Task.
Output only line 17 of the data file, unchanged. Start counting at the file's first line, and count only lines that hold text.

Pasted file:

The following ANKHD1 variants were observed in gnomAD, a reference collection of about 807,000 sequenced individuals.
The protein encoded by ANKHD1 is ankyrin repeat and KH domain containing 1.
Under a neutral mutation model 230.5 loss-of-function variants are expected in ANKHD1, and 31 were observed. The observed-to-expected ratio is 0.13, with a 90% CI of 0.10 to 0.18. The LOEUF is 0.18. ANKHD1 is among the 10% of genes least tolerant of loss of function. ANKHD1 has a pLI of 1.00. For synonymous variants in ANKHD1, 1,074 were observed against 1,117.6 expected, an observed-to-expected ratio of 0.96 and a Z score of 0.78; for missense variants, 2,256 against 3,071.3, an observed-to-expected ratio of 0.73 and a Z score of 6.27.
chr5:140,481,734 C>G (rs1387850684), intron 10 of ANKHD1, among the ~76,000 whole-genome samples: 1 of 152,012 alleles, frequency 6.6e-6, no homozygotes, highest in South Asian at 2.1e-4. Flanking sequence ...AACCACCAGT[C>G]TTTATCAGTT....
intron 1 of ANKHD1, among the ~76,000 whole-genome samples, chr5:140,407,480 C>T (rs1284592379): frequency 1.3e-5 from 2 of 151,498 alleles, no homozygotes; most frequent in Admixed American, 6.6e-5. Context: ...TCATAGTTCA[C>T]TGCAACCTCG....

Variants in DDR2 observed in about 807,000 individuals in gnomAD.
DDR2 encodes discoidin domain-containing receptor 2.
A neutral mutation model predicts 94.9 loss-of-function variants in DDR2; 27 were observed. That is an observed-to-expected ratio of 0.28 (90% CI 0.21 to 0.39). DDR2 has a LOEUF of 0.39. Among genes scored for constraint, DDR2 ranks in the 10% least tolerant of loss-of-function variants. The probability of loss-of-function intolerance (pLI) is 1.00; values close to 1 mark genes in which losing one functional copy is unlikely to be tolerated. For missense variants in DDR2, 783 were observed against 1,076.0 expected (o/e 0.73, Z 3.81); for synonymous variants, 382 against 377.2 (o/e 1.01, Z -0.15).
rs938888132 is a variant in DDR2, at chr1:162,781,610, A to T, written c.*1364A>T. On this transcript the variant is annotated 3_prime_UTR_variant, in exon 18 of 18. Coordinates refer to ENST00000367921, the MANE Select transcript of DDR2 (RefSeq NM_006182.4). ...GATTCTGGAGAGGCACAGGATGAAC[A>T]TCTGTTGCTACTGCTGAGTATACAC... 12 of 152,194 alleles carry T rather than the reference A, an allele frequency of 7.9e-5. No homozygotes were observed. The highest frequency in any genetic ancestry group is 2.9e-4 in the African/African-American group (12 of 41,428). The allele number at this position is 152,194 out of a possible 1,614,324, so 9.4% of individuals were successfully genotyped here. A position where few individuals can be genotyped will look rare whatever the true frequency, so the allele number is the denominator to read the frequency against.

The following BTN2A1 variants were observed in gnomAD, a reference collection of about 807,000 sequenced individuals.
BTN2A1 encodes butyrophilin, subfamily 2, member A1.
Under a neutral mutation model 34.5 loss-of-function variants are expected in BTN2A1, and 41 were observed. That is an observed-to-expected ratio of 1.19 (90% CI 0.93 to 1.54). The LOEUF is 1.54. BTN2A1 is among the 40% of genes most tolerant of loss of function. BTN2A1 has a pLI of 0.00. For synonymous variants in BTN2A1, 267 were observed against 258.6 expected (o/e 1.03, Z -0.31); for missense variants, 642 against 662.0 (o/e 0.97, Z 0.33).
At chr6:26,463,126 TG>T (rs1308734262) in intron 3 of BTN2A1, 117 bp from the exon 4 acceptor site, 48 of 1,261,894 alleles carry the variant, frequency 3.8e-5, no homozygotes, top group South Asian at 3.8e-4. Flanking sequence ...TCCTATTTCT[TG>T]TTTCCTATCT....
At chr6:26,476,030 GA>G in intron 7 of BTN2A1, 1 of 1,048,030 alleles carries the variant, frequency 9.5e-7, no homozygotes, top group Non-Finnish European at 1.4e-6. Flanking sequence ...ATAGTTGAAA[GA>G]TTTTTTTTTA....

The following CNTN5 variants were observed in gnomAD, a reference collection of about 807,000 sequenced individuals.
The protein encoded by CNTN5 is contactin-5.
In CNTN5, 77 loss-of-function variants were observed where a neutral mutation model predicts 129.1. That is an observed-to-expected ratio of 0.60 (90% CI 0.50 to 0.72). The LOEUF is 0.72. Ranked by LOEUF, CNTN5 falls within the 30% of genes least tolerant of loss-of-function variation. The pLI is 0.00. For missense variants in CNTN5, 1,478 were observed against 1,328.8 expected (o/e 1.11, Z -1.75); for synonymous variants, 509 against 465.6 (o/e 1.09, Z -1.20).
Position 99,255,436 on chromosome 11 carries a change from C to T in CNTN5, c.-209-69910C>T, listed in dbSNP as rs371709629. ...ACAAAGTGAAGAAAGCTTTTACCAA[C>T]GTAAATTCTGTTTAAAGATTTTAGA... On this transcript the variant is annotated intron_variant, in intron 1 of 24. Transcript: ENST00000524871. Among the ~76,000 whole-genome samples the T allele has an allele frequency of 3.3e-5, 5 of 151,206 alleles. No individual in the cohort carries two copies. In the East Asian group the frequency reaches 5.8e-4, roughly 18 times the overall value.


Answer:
In CNTN5, 77 loss-of-function variants were observed where a neutral mutation model predicts 129.1. That is an observed-to-expected ratio of 0.60 (90% CI 0.50 to 0.72). The LOEUF is 0.72. Ranked by LOEUF, CNTN5 falls within the 30% of genes least tolerant of loss-of-function variation. The pLI is 0.00. For missense variants in CNTN5, 1,478 were observed against 1,328.8 expected (o/e 1.11, Z -1.75); for synonymous variants, 509 against 465.6 (o/e 1.09, Z -1.20).